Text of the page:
Tag Archives: Federal Trade Commission

Episode 308: Separation Anxiety

El Kaiser and JD finally got out of Avengers: Endgame and are back in the recording bunker to discuss recent tech news – including Google’s I/O conference and a former Facebook founder’s call for the government to bust up his former company. JD also explores the new movement that have some people spending less time staring at their smartphones screens. Episode 308 awaits!

Links to Stories In This Week’s News Segment

Break Up Phone (For A While, Anyway)

PTJ 277: Magic to Do

It’s been a week of heavy legal news, deals and global affairs — almost enough to make you want to escape to a fantasy realm to take a break over a pint of butterbeer. El Kaiser and J.D. sort through the stories of the week before moving on to a discussion of how the Harry Potter franchise is keeping active far beyond the original seven books. PTJ 277 awaits behind that Play button — Alohomora! 

Links to Stories on This Week’s Show

Harry Potter in the Digital World

 

PTJ 269: Flying Solo

Mark Zuckerberg lands in the Congressional hot seat this week over Facebook’s role in user privacy protection and the social network’s influence on life, culture and election interference. After a march through the current tech headlines with J.D., El Kaiser has a roundup review of earplugs for those times when you need to screen out all that infernal noise around you. Jump into Episode 269 to hear for yourself!

Links to Stories Discussed on This Week’s Show

El Kaiser’s Earplug Roundup

PTJ 265: Just Over the Ridge

Congratulations to the sound team on Dunkirk for the Oscars — we here at Pop Tech Jam had a feeling you were going to win!

But now that we know who won the 2018 Academy Awards, life is still full of burning questions: Who am I? What is my place in the universe? Why do the Klingons on Star Trek: Discovery look so different from the Klingons in the rest of the canonical series?  This week, El Kaiser and J.D. discuss The Klingon Question after tackling the technology news of the moment. naDev ‘oH Qap!

Links to Stories Discussed on This Week’s Episode

Star Trek Continuity

PTJ 246: What’s the Frequency, Siri?

After a two-week summer vacation, El Kaiser and J.D. return to the studio to catch up on the week’s technology news: Facebook ‘fesses up to a chunk of Russian ad buys during the election, Amazon looks to expand its corporate footprint, researchers have discovered a way to hack most of the popular voice-activated assistant programs by sonic frequency — and the headlines just keep on coming. El Kaiser also previews two new pieces of gear from OWC and Anker for ultrabookers who need to pack their own USB ports and J.D. reports on a couple of scams gaining steam around the Internet. Summer’s over, folks! We’re back to work here on Episode 246!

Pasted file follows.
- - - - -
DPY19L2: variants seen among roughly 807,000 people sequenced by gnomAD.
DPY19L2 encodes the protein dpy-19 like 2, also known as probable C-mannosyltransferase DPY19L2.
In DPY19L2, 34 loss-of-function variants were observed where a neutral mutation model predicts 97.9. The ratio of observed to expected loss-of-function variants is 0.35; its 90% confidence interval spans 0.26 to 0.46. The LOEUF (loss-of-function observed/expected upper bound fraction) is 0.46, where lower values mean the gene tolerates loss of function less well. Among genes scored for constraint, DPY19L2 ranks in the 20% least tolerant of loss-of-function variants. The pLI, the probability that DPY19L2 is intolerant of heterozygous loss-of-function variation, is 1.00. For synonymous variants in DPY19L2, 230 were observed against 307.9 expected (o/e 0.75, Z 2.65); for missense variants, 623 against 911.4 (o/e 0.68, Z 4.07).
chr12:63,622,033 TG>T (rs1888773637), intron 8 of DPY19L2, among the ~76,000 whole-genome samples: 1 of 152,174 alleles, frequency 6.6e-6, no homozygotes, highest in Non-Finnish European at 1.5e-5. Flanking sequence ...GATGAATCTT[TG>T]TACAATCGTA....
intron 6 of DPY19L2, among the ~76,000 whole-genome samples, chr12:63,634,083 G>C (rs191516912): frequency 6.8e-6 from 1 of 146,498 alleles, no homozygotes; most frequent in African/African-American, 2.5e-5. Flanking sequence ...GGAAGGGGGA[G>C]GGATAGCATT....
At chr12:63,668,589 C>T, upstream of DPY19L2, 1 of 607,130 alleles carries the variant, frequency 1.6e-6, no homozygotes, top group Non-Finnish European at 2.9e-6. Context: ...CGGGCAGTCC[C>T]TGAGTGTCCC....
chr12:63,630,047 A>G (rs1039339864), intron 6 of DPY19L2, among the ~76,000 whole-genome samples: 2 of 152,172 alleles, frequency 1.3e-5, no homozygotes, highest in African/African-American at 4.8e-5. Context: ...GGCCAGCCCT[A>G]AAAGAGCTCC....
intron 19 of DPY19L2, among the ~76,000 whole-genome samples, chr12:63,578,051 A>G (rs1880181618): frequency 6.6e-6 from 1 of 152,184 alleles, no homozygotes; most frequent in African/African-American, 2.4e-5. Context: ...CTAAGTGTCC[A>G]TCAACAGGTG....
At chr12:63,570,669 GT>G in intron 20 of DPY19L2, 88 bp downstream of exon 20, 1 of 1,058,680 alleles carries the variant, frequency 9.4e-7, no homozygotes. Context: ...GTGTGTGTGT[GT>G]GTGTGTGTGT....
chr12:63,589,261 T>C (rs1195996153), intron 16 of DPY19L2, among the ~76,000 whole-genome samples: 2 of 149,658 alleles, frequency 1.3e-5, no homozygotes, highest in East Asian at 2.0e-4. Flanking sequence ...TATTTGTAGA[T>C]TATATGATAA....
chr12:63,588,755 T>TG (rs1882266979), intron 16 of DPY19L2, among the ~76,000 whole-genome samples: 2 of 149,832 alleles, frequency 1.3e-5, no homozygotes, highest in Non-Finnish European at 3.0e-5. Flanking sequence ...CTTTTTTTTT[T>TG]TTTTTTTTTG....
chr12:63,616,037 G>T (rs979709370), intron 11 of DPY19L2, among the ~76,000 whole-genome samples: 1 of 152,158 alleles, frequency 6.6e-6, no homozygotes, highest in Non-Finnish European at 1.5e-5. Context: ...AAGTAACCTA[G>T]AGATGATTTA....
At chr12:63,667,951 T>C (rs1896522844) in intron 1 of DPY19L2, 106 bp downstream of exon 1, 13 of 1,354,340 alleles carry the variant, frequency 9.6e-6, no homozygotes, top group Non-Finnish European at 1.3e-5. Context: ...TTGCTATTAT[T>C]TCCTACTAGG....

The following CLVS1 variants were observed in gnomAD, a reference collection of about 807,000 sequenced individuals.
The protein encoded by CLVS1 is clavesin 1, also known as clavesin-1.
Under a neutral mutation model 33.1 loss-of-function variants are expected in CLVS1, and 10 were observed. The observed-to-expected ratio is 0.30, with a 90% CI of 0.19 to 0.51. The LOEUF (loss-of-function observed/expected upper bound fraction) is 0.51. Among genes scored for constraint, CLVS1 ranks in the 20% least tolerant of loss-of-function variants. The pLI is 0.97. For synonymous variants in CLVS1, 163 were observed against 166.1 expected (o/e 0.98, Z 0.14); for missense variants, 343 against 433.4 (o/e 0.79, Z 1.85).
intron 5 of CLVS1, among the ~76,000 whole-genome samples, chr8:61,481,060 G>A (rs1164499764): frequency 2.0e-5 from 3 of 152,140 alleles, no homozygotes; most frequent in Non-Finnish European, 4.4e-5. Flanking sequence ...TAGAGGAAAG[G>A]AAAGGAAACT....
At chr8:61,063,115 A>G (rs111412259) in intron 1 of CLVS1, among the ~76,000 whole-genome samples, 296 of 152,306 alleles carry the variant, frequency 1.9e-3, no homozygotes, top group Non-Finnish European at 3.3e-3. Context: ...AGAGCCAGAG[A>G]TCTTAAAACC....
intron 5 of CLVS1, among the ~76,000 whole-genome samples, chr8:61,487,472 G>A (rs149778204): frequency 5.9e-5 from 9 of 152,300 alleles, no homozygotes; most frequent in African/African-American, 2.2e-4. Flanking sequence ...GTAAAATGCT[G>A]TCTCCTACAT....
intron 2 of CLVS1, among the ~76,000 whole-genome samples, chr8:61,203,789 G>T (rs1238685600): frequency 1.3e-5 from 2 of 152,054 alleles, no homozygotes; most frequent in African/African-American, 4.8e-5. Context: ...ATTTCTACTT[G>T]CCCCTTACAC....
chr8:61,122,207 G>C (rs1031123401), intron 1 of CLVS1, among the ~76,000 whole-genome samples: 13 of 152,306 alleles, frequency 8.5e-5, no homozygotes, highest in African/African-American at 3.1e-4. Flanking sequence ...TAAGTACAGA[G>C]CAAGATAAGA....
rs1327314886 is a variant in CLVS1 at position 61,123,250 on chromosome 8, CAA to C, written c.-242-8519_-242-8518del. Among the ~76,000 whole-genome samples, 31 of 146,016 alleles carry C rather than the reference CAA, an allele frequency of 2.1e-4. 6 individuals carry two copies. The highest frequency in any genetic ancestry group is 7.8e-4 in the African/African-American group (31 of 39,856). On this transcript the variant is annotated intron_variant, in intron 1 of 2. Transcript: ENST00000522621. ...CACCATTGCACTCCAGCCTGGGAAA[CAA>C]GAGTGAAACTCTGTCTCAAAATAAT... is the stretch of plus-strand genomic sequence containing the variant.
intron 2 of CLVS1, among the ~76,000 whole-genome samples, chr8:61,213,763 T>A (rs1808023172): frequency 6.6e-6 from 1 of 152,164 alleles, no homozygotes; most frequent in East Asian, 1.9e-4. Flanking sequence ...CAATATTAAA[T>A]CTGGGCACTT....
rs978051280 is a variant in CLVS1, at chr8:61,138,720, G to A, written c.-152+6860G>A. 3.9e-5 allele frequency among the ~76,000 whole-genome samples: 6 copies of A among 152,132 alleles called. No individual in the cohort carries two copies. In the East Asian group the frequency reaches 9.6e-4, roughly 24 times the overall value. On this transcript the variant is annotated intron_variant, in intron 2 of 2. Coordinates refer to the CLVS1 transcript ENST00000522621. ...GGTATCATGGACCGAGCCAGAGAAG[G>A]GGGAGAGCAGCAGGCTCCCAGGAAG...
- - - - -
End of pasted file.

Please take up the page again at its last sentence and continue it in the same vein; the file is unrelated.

Links to Stories Mentioned in This Week’s Episode

EL Kaiser’s Gear Preview

(Hopefully) Helpful Hint

PTJ 243: Sound and Fury

After a discussion about the stirring audio mix used to back the film Dunkirk,  El Kaiser and J.D. make a lot of noise about this week’s technology news — including new government regulation around the world. However, if it all gets to be too much, perhaps a nice friendly drone will deliver a tureen of soup right to your door. Settle in and listen away to Episode 243!

Links to Stories Mentioned on This Week’s Show

Film Audio Discussion

PTJ 239: Leak Week

June is Internet Safety Month, but it hasn’t been very safe for the personal information of 198 million people, which got exposed by sloppy data handling. The notoriously private Apple got trolled as well when a top-secret meeting about stopping data leaks got, er, leaked. After wading through the tech headlines of the week,  El Kaiser and J.D. discuss the merits of RAID, as well as how to turn your smartphone into a handy magnifier for those annoying moments when you actually have to read the fine print. Episode 239 of Pop Tech Jam awaits you.

Links to Stories in This Week’s News Segment

Tech Term

RAID levels explained (PCMag.com)
Digital storage basics, Part 2: External drive vs. NAS server (CNET)
• 
How to configure a cheap, secure RAID backup system (Macworld)

(Hopefully) Helpful Hint

PTJ 209: Fights and Flights

It’s been a loooong campaign and Election Day is just a few weeks away. If you want to beat the crowds, J.D. has a (Hopefully) Helpful Hint on how to see if your state allows early voting — and what you need to bring to the polls. Meanwhile El Kaiser has a few new headphones to inspect. In the week’s tech news Google checks facts and flights, Samsung is still scrambling to douse the Galaxy Note 7 fires, Facebook Messenger has some suggestions for your online discourse and there is a squadron of Taunting Drones buzzing drivers south of the border. Want to find out more? Just press Play.

Headphone Review Models

Status Audio CB-1 Closed Black Studio Monitors
• thinksound On2 Monitor Series

Links to This Week’s News Stories

PTJ 203 News: Irish Wakeup Call